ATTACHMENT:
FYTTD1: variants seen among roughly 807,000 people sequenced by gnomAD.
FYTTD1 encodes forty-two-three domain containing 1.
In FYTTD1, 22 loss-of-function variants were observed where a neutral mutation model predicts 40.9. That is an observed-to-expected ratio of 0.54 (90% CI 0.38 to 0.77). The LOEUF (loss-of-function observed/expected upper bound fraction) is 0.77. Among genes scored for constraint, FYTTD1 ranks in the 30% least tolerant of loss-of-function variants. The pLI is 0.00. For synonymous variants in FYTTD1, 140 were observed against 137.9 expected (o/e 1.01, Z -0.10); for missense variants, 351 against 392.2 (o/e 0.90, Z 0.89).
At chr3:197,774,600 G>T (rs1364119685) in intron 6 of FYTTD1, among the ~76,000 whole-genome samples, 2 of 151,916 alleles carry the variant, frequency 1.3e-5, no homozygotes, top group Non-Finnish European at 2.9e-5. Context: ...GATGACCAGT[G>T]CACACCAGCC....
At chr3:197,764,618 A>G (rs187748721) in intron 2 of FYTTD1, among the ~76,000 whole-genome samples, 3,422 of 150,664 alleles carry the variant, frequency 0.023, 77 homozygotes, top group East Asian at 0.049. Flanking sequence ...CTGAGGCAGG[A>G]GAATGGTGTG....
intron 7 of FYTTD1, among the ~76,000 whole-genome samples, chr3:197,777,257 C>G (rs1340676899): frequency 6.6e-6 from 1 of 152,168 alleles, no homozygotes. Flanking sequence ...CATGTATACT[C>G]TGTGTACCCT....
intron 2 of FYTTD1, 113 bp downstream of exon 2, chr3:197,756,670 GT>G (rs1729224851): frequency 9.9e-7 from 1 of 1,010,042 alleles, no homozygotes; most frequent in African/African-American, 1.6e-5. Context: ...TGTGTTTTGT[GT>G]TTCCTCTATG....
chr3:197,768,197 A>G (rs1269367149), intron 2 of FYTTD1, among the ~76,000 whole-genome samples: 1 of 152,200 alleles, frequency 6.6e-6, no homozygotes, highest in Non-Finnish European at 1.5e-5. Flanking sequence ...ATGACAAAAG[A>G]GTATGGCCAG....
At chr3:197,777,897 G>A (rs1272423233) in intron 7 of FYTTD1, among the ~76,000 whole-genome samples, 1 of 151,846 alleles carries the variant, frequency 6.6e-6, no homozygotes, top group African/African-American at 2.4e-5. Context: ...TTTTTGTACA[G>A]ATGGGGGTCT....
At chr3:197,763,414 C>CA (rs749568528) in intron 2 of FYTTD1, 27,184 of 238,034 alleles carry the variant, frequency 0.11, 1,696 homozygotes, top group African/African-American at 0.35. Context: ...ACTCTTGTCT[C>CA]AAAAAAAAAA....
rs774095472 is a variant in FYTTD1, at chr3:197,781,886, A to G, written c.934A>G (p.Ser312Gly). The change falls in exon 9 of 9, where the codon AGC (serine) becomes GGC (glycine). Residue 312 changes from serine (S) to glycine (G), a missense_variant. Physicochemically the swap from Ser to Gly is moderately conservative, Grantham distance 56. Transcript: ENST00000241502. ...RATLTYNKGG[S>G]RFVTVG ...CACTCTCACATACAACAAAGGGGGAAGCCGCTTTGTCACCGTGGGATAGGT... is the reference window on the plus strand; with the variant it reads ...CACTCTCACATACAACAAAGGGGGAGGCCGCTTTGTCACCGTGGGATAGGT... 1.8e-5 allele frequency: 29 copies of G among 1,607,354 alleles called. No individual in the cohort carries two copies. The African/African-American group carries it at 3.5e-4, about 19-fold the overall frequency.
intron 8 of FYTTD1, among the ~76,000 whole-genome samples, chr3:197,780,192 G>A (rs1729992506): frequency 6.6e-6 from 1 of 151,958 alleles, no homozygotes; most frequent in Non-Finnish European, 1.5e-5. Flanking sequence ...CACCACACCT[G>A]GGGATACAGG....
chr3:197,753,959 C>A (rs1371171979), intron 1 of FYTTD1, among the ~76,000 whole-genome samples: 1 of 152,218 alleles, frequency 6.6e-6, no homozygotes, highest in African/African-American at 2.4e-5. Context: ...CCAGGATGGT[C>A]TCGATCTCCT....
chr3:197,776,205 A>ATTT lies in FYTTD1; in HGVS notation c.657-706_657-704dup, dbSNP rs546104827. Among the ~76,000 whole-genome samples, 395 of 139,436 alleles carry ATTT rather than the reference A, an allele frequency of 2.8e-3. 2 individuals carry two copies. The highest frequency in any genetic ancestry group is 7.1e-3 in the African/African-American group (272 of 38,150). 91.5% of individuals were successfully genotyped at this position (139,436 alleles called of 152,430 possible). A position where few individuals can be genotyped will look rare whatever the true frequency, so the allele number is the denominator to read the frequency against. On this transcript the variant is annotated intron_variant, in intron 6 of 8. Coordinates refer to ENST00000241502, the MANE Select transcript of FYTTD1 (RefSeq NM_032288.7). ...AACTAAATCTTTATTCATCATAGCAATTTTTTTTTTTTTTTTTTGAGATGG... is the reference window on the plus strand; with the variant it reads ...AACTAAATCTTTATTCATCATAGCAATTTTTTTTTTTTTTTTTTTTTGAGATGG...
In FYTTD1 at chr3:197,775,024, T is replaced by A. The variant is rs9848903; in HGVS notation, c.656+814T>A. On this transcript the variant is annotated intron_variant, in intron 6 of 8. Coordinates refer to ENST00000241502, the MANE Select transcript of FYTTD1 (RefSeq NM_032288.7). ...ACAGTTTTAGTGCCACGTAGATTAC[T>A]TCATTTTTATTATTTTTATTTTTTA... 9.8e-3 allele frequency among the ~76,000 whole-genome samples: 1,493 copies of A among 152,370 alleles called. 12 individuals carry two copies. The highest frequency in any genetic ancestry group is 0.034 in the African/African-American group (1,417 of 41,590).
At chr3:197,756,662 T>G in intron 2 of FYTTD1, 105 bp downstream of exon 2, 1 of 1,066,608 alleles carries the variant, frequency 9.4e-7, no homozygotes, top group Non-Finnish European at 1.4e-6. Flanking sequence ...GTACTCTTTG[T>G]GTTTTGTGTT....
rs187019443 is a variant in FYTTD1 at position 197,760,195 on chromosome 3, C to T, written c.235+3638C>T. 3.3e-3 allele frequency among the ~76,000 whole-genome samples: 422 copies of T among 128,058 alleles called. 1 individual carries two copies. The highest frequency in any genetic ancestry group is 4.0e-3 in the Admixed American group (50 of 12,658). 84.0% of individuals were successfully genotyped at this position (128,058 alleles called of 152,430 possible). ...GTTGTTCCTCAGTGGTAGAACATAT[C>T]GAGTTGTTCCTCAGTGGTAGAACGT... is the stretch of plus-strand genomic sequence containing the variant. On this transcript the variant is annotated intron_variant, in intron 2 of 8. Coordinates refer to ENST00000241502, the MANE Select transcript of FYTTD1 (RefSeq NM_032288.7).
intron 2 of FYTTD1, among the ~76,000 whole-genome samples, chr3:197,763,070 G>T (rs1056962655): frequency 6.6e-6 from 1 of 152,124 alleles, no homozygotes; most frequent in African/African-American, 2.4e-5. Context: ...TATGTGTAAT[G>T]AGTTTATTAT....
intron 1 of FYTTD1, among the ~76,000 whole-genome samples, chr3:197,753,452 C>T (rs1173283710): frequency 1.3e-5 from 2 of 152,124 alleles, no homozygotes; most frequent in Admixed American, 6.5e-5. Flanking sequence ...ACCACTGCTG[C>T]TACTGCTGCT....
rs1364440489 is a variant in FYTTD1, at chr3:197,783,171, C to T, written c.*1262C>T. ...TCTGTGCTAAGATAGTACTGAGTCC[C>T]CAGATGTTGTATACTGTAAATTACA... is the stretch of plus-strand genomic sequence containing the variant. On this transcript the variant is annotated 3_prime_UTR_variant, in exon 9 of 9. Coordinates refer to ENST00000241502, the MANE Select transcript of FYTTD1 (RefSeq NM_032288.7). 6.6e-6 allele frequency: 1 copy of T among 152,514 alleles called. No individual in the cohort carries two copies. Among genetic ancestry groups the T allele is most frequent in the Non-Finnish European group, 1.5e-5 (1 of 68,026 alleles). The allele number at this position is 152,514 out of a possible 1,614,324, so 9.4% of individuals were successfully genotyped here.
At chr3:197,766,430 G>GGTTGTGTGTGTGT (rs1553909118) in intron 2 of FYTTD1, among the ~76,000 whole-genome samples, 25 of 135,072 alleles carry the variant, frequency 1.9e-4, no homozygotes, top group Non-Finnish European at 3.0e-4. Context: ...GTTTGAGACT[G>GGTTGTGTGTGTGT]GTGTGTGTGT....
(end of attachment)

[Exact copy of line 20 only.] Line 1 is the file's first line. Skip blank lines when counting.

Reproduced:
rs1364440489 is a variant in FYTTD1, at chr3:197,783,171, C to T, written c.*1262C>T. ...TCTGTGCTAAGATAGTACTGAGTCC[C>T]CAGATGTTGTATACTGTAAATTACA... is the stretch of plus-strand genomic sequence containing the variant. On this transcript the variant is annotated 3_prime_UTR_variant, in exon 9 of 9. Coordinates refer to ENST00000241502, the MANE Select transcript of FYTTD1 (RefSeq NM_032288.7). 6.6e-6 allele frequency: 1 copy of T among 152,514 alleles called. No individual in the cohort carries two copies. Among genetic ancestry groups the T allele is most frequent in the Non-Finnish European group, 1.5e-5 (1 of 68,026 alleles). The allele number at this position is 152,514 out of a possible 1,614,324, so 9.4% of individuals were successfully genotyped here.